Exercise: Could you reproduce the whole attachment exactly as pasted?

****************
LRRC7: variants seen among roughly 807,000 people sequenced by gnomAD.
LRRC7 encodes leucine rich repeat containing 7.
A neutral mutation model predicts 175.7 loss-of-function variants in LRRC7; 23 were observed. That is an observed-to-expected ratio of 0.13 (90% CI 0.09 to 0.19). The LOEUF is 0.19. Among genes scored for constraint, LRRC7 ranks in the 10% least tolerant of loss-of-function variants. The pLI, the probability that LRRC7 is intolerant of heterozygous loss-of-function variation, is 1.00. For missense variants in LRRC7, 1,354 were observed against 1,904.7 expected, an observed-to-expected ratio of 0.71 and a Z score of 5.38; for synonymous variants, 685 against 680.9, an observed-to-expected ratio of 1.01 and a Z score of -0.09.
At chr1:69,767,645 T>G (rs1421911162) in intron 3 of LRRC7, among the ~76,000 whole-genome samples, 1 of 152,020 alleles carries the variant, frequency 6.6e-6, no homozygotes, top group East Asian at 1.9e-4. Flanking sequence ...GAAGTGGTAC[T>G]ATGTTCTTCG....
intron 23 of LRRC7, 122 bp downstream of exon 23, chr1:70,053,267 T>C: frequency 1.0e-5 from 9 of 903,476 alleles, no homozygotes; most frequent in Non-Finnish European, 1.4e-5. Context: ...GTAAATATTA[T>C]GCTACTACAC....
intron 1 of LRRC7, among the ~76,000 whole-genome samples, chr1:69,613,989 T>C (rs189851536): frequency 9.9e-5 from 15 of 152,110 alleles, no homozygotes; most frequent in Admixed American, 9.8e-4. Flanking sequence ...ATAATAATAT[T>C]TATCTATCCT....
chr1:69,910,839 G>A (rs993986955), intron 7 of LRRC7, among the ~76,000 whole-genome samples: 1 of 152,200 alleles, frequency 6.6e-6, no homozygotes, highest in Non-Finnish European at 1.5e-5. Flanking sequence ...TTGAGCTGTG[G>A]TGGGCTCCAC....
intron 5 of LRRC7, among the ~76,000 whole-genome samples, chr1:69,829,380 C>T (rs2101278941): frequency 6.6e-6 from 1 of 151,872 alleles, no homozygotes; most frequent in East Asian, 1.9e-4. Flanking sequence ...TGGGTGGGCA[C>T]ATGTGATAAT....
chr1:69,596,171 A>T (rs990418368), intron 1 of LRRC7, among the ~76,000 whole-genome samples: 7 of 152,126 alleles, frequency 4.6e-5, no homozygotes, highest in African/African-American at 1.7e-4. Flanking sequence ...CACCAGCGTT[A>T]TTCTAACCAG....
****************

LRRC7: variants seen among roughly 807,000 people sequenced by gnomAD.
LRRC7 encodes leucine rich repeat containing 7.
A neutral mutation model predicts 175.7 loss-of-function variants in LRRC7; 23 were observed. That is an observed-to-expected ratio of 0.13 (90% CI 0.09 to 0.19). The LOEUF is 0.19. Among genes scored for constraint, LRRC7 ranks in the 10% least tolerant of loss-of-function variants. The pLI, the probability that LRRC7 is intolerant of heterozygous loss-of-function variation, is 1.00. For missense variants in LRRC7, 1,354 were observed against 1,904.7 expected, an observed-to-expected ratio of 0.71 and a Z score of 5.38; for synonymous variants, 685 against 680.9, an observed-to-expected ratio of 1.01 and a Z score of -0.09.
At chr1:69,767,645 T>G (rs1421911162) in intron 3 of LRRC7, among the ~76,000 whole-genome samples, 1 of 152,020 alleles carries the variant, frequency 6.6e-6, no homozygotes, top group East Asian at 1.9e-4. Flanking sequence ...GAAGTGGTAC[T>G]ATGTTCTTCG....
intron 23 of LRRC7, 122 bp downstream of exon 23, chr1:70,053,267 T>C: frequency 1.0e-5 from 9 of 903,476 alleles, no homozygotes; most frequent in Non-Finnish European, 1.4e-5. Context: ...GTAAATATTA[T>C]GCTACTACAC....
intron 1 of LRRC7, among the ~76,000 whole-genome samples, chr1:69,613,989 T>C (rs189851536): frequency 9.9e-5 from 15 of 152,110 alleles, no homozygotes; most frequent in Admixed American, 9.8e-4. Flanking sequence ...ATAATAATAT[T>C]TATCTATCCT....
chr1:69,910,839 G>A (rs993986955), intron 7 of LRRC7, among the ~76,000 whole-genome samples: 1 of 152,200 alleles, frequency 6.6e-6, no homozygotes, highest in Non-Finnish European at 1.5e-5. Flanking sequence ...TTGAGCTGTG[G>A]TGGGCTCCAC....
intron 5 of LRRC7, among the ~76,000 whole-genome samples, chr1:69,829,380 C>T (rs2101278941): frequency 6.6e-6 from 1 of 151,872 alleles, no homozygotes; most frequent in East Asian, 1.9e-4. Flanking sequence ...TGGGTGGGCA[C>T]ATGTGATAAT....
chr1:69,596,171 A>T (rs990418368), intron 1 of LRRC7, among the ~76,000 whole-genome samples: 7 of 152,126 alleles, frequency 4.6e-5, no homozygotes, highest in African/African-American at 1.7e-4. Flanking sequence ...CACCAGCGTT[A>T]TTCTAACCAG....